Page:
PS The Muni 12 should be allowed to use the crazily wide SoMa Folsom bike lane thing. It’s completely unacceptable that buses are stuck stranded screwed in gridlock while a handful of bicycles (including my good self) slip right by.

  • M.

    This story got covered all over, including the UK and New Zealand. It fits the global image of SF as in the vanguard. True or not, that’s a lot of why SF’s main economic sector is tourism. I’ve made the case many times about how Polk could get a stream of tourists making a loop including Fisherman’s Wharf, The Embarcadero, Market, the Civic Center…More of the same, please!

  • Does Mayor Lee’s cheap suspension bike say anything about his understanding of urban cycling needs? I’m not sure.

  • And the DPW guy seems to be on a mountain bike. Is it me or are they women’s bikes?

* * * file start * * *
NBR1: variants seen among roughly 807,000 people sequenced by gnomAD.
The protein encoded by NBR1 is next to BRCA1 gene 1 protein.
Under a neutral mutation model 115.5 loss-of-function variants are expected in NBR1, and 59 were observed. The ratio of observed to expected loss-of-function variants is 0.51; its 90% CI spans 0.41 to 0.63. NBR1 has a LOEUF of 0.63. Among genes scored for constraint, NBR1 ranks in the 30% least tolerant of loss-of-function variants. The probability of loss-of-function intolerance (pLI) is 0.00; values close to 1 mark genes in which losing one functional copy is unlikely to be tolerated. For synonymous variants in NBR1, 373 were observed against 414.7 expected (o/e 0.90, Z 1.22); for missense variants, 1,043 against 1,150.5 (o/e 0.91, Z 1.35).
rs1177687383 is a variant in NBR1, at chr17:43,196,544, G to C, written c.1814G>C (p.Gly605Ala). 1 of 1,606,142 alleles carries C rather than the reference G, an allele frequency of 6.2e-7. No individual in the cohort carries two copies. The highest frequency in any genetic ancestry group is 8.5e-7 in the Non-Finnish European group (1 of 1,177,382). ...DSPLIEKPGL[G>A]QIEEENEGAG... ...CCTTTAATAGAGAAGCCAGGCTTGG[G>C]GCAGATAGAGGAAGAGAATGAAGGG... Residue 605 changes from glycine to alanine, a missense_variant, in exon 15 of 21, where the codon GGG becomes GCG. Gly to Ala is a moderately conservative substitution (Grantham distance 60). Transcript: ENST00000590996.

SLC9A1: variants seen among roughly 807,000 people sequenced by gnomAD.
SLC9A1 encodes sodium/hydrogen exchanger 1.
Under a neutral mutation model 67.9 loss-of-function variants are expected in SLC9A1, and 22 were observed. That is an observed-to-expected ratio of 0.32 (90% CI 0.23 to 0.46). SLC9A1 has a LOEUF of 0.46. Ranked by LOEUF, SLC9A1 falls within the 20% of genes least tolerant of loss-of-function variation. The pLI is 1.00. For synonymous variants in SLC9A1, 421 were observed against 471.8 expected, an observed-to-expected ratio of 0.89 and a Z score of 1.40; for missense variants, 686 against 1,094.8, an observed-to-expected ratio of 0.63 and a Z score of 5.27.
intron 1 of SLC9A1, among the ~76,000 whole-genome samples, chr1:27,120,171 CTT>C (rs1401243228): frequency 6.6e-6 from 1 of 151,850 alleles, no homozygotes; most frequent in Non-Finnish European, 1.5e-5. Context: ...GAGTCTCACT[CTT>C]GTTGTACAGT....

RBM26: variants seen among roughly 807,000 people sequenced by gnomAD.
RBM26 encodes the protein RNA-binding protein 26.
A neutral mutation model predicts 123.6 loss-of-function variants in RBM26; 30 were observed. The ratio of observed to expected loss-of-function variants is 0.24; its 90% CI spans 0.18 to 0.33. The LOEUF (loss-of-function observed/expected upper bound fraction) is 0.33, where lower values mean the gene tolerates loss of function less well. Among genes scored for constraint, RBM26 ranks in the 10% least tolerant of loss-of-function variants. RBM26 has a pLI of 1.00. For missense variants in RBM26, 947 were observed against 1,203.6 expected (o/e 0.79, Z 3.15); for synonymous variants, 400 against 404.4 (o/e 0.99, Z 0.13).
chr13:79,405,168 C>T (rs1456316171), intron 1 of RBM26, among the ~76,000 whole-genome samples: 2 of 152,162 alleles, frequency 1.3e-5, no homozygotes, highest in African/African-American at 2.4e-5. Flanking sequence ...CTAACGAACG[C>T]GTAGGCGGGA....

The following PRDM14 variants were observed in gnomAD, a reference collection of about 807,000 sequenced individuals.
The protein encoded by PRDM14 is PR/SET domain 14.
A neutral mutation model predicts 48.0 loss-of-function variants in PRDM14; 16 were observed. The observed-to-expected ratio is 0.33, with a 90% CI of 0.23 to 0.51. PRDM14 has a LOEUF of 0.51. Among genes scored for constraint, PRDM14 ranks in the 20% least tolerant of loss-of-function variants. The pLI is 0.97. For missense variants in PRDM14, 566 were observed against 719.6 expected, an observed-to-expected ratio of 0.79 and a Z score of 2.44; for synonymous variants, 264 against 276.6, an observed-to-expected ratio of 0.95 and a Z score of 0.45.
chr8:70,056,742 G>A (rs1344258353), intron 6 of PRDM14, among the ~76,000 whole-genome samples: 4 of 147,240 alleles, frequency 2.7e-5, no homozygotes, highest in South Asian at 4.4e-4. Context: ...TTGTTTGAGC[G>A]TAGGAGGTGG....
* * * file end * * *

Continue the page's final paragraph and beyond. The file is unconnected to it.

• Steven H

    Which is weird, since my hometown (DC) has had contra-flow bike lanes for a few years now. I just assumed everyone has them! Has the vanguard got bikeshare yet?

  • djconnel

    Absolutely! Any time change is proposed, there’s an obsession with what could be lost, and a total lack of vision (even in the face of examples) of what will be gained.

  • Gezellig

    Real-life experience with good separated bike infra is a huge deal!

    So, basically, we need dozens more routes like this…and for longer than 2 blocks. And they should intersect. Perhaps like this:

    Or this:

    http://youtu.be/XhqTc_wx5EU

    Dreaming here…but imagine if crazy intersections like Market/16th/Noe were reconfigured as a (more ovoid) roundabout patterned off that model? I’m still waiting to see which US city will first implement the protected 4-way-stop intersection. NYC has already started to do Dutch-inspired cycletrack roundabouts in a couple locations:

    http://youtu.be/X_KWoGH78dE?t=1m49s

    It’s a big deal even (and maybe especially?) for people who don’t ever bike on Polk but just see it in action. Whether you’re on foot or car or bus or whatever you can tell that it just “works” to give bikes their own protected channel.